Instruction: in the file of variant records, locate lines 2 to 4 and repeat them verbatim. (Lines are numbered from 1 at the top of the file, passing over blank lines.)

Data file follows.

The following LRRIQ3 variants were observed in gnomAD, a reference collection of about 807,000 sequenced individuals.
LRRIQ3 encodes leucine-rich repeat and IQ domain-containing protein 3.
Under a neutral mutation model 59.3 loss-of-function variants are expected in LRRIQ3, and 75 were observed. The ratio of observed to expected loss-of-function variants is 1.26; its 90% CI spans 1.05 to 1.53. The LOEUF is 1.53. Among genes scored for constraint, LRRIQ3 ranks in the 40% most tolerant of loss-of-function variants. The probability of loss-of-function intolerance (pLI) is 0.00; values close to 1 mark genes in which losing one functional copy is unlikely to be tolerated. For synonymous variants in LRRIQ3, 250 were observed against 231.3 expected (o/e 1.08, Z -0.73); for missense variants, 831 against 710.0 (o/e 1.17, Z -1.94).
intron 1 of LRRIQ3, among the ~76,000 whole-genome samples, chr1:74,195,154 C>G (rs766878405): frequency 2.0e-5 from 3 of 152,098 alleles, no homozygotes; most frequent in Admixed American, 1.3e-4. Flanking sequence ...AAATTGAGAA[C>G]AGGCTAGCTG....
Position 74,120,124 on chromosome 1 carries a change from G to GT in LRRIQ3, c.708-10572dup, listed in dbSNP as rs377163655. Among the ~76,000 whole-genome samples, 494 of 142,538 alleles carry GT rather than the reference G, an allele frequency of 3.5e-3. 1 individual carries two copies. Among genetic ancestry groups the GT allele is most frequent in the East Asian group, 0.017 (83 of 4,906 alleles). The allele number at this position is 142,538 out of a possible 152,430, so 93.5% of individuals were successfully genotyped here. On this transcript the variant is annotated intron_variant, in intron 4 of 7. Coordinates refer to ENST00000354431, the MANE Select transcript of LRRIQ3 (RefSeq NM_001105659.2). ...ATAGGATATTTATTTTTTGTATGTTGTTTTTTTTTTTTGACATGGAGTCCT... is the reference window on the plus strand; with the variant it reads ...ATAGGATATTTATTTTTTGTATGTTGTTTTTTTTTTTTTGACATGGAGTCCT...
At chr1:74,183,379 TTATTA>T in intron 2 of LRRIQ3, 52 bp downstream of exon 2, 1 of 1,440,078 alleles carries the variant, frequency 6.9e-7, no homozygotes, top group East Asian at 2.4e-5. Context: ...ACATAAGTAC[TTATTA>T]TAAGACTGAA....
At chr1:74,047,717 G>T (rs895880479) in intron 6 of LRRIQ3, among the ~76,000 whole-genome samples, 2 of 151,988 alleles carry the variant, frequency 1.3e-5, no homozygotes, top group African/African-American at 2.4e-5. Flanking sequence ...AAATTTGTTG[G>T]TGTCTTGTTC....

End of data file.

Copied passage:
LRRIQ3 encodes leucine-rich repeat and IQ domain-containing protein 3.
Under a neutral mutation model 59.3 loss-of-function variants are expected in LRRIQ3, and 75 were observed. The ratio of observed to expected loss-of-function variants is 1.26; its 90% CI spans 1.05 to 1.53. The LOEUF is 1.53. Among genes scored for constraint, LRRIQ3 ranks in the 40% most tolerant of loss-of-function variants. The probability of loss-of-function intolerance (pLI) is 0.00; values close to 1 mark genes in which losing one functional copy is unlikely to be tolerated. For synonymous variants in LRRIQ3, 250 were observed against 231.3 expected (o/e 1.08, Z -0.73); for missense variants, 831 against 710.0 (o/e 1.17, Z -1.94).
intron 1 of LRRIQ3, among the ~76,000 whole-genome samples, chr1:74,195,154 C>G (rs766878405): frequency 2.0e-5 from 3 of 152,098 alleles, no homozygotes; most frequent in Admixed American, 1.3e-4. Flanking sequence ...AAATTGAGAA[C>G]AGGCTAGCTG....